Yet hope springs eternal, especially in Springtime. I know that big H isn’t too far away. It’ll be back, peeping behind Evelyn Cusack, as it makes its way across the Atlantic, or sneaks up from the South. I have faith in the big H. Let it rain this weekend. Let it rain all through the last week of April. By the time you read this that big H will be over us again. It will be the May Bank holiday Weekend, which kicks of the season of BBQs, beach, festivals, vegetables, craic agus ceoil that defines a West Cork summer. I’ll be on Sherkin Island (where ‘One Horse Pony’ will be playing at the Jolly Rodger plus a BBQ!) and I don’t know of many places in the world as beautiful as Sherkin and Cape Clear when that big H is marking the map. So come on BIG H! Here’s hoping….

Newsflash: The oak tree in the front field has come into leaf well before the ash trees, and you know what they say: Ash before oak, summer will soak. Oak before ash, summer will splash!

Latest News Articles:

New tours give a taste of the Lee Valley
More than €30,000 raised for charity as crowds flock to Ford 100 Fest in Ballinascarthy
Opening of new all-inclusive pool places Dunmanway at centre of West Cork for sport and recreation
Bantry Harbour Marina officially opens
West Cork named top food destination
Tourist numbers up in Bantry and Beara this summer
Brookpark Community Enterprise Centre
Global Shares to create 80 new jobs
Ford 100 Fest on Ford family farm to mark 100 years of Ford in Ireland
A Taste of West Cork Food Festival launches delectable programme

Join us on Facebook

Dúchas Clonakilty's first lecture for the Autumn promises to be of huge interest to all: Emerging from the Shadow of Tom Crean – The Parish Centre, Clonakilty, Thursday September 28th 8.30pm.

Lecture by Aileen Crean O’Brien & Bill Sheppard

In May 2016, Kerry man Tom Crean, along with Ernest Shackleton and four other crew members, landed the James Caird lifeboat on the rocky isle of South Georgia. The navigation of that small boat, across 1500 km through icy winds and towering seas, is regarded as the greatest ever feat of navigation. They then trekked across the forbidding and inhospitable mountains and glaciers of South Georgia to seek help for the rest of their crew, who were left behind on Elephant Island after their ship, the Endurance, was crushed by the Antarctic ice.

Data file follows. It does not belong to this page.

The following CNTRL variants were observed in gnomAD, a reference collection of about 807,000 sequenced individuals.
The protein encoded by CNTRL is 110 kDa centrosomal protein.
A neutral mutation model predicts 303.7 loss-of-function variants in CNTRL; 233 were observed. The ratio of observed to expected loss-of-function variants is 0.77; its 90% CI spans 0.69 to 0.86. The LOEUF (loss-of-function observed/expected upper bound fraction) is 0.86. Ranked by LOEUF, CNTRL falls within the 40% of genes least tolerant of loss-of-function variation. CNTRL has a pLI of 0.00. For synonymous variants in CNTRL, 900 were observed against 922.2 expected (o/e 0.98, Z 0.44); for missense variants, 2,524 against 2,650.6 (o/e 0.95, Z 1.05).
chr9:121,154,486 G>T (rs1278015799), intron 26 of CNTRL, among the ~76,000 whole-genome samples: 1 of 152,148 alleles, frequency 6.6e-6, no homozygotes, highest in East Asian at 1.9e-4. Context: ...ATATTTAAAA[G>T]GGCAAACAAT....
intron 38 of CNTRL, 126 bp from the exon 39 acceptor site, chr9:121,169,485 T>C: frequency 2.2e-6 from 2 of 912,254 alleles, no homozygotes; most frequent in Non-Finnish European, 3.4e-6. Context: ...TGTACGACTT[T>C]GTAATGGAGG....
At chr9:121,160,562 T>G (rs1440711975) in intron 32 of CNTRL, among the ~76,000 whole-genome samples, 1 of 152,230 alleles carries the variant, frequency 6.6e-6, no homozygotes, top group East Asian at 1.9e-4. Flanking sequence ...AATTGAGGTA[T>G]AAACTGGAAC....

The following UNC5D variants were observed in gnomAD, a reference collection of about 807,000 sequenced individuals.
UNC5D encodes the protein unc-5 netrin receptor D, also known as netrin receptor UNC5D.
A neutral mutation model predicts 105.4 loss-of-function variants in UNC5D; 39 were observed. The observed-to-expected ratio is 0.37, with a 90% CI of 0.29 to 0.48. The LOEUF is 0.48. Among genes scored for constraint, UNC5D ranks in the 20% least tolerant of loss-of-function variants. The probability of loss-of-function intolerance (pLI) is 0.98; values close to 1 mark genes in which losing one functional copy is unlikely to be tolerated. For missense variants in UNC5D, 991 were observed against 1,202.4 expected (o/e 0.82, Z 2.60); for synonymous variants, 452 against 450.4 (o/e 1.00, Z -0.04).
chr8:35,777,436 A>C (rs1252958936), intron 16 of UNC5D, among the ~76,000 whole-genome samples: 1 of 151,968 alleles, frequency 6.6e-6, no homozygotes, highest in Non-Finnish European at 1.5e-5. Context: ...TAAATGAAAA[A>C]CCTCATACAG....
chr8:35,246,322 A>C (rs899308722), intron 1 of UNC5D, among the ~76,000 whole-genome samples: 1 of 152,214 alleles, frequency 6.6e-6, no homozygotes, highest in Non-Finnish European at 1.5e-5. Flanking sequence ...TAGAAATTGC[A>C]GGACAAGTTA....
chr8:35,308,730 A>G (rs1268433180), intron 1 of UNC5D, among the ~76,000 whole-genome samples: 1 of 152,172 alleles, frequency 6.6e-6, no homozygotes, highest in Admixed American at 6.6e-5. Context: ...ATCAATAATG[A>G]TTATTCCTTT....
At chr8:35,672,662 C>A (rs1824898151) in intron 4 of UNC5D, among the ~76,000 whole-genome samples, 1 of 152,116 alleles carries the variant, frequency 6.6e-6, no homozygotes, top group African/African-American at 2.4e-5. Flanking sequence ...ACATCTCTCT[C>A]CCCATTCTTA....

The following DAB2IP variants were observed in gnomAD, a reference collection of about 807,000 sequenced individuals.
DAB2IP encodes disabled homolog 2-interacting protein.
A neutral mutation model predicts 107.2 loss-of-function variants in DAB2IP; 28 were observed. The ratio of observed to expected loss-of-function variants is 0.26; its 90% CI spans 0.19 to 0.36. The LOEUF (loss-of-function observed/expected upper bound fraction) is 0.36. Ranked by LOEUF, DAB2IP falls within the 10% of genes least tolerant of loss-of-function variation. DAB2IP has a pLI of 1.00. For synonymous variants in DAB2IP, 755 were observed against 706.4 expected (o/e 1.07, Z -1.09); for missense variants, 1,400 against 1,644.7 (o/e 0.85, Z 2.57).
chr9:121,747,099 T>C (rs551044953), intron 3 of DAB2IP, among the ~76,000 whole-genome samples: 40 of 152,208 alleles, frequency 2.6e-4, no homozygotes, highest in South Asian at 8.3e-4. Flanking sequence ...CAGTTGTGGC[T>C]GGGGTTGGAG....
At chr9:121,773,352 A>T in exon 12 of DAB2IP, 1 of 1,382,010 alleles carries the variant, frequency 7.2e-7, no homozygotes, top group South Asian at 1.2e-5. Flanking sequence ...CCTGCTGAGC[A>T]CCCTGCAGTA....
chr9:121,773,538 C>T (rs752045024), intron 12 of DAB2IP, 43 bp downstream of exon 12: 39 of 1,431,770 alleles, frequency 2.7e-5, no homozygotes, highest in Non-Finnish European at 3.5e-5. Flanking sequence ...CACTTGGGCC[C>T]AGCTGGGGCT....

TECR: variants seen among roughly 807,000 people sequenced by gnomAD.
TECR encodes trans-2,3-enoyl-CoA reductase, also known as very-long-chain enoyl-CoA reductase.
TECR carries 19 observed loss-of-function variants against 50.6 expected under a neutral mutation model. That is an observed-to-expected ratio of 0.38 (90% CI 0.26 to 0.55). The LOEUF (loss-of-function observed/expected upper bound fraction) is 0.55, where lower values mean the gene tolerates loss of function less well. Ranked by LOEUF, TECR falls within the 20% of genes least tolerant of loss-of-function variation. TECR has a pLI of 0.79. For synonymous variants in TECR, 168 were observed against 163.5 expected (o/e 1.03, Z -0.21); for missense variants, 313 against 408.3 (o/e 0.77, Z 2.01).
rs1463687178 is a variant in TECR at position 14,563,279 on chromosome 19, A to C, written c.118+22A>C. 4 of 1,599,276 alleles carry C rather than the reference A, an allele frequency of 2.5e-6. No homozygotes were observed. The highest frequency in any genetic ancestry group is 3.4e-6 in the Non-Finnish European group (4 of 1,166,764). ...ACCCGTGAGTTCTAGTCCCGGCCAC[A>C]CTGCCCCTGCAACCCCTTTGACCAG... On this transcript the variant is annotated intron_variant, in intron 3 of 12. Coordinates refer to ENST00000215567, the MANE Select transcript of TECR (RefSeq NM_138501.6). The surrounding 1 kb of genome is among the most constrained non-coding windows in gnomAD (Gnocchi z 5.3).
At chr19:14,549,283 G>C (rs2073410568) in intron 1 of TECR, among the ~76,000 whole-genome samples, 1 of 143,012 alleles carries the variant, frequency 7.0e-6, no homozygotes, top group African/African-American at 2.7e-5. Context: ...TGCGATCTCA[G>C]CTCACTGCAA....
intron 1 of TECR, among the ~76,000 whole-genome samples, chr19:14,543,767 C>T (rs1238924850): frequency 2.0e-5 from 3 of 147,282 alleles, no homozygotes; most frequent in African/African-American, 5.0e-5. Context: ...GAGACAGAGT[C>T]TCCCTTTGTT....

One hundred years later, Crean’s grandaughter, Aileen Crean O’Brien, set off with her sons and partner to follow in her grandfather’s footsteps. Join Aileen and Bill to hear of their adventures (and misadventures) on the Southern Ocean and the island of South Georgia.
... See MoreSee Less

7th September, 2017  ·  

Caheragh are holding a Modern,Classic & Vintage Run next Sunday 10th September at the Travellers Rest in Aid of The Aisling Tanner Fund. Registration 11am. Run starting @ 12.45. ... See MoreSee Less

4th September, 2017  ·  

Dunmanway Historical Association regrets to announce that the talk on Sile na Gig which was to take place on Thursday, 24th August in Atkins hall @ 8:30pm has been cancelled. ... See MoreSee Less

18th August, 2017  ·  

Jump to:

Top